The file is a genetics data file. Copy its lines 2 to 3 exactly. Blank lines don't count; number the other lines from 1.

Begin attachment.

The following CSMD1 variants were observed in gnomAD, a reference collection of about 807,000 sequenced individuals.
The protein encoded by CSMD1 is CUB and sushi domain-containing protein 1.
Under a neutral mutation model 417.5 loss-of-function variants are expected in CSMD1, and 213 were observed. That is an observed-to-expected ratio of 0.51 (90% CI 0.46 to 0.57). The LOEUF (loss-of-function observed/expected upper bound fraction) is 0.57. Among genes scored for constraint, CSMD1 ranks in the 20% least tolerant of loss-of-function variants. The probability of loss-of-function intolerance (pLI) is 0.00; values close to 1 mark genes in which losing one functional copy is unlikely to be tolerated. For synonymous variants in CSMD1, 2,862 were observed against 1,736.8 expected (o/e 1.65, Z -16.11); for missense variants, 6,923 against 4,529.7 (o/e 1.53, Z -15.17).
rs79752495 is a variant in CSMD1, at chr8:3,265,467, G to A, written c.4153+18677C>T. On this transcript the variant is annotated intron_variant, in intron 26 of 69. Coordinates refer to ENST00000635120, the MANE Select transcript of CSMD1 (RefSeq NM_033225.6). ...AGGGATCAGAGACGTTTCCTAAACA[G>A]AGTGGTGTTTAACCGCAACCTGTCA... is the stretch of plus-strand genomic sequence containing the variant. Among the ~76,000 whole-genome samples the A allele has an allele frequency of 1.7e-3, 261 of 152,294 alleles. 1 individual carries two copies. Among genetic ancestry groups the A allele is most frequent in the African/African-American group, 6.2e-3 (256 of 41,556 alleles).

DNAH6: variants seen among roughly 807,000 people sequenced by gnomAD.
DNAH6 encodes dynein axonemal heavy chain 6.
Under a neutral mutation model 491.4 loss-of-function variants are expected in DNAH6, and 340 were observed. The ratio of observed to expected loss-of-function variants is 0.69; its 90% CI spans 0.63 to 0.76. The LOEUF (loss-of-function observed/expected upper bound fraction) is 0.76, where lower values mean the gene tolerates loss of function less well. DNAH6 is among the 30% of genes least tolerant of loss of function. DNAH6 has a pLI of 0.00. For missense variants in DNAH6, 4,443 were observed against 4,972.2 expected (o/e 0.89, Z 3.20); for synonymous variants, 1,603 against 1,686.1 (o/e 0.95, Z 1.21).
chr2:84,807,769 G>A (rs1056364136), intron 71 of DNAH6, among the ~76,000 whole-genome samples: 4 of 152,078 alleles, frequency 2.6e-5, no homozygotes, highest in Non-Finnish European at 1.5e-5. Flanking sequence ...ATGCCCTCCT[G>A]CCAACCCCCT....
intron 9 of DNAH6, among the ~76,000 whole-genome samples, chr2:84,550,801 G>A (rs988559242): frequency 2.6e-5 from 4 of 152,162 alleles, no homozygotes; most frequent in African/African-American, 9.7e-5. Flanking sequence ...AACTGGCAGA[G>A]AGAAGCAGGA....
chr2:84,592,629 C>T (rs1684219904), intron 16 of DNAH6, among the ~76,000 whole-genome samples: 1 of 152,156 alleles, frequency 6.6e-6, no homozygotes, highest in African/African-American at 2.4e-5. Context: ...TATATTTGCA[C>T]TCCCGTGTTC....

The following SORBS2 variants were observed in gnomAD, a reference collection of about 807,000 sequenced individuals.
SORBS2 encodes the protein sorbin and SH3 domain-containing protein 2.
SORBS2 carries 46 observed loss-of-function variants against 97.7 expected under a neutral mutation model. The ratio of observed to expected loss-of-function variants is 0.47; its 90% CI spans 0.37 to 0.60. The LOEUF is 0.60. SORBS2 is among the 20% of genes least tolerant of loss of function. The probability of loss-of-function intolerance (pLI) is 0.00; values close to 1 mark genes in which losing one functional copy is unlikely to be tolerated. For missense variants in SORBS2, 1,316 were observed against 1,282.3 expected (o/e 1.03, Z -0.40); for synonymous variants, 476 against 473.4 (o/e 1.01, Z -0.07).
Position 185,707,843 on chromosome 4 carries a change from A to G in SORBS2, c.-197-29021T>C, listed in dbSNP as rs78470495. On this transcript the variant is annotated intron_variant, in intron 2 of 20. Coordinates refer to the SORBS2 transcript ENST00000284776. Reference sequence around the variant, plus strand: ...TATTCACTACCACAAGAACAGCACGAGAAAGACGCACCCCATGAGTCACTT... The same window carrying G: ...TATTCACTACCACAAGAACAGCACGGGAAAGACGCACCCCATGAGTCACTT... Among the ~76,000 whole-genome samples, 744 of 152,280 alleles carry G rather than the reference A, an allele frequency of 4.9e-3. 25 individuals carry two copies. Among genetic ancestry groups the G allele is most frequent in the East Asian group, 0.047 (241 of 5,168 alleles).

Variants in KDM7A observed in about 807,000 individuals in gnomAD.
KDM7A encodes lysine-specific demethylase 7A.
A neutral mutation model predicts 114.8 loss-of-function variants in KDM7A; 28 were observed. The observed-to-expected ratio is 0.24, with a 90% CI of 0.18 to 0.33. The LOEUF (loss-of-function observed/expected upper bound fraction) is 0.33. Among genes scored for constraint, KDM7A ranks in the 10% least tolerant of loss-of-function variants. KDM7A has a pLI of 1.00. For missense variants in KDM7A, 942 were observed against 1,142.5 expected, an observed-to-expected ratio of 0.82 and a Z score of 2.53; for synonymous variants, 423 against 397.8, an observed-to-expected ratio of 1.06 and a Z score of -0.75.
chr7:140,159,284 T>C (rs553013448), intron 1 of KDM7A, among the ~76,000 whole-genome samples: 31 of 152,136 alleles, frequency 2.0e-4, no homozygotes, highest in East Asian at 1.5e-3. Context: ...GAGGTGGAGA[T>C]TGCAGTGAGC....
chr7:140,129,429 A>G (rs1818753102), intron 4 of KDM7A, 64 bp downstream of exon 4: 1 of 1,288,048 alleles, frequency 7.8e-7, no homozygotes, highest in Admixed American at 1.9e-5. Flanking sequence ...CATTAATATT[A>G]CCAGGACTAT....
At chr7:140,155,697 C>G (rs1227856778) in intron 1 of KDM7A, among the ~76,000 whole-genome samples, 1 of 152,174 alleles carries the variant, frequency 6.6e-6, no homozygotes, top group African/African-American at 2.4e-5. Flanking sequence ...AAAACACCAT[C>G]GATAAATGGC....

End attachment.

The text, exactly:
The protein encoded by CSMD1 is CUB and sushi domain-containing protein 1.
Under a neutral mutation model 417.5 loss-of-function variants are expected in CSMD1, and 213 were observed. That is an observed-to-expected ratio of 0.51 (90% CI 0.46 to 0.57). The LOEUF (loss-of-function observed/expected upper bound fraction) is 0.57. Among genes scored for constraint, CSMD1 ranks in the 20% least tolerant of loss-of-function variants. The probability of loss-of-function intolerance (pLI) is 0.00; values close to 1 mark genes in which losing one functional copy is unlikely to be tolerated. For synonymous variants in CSMD1, 2,862 were observed against 1,736.8 expected (o/e 1.65, Z -16.11); for missense variants, 6,923 against 4,529.7 (o/e 1.53, Z -15.17).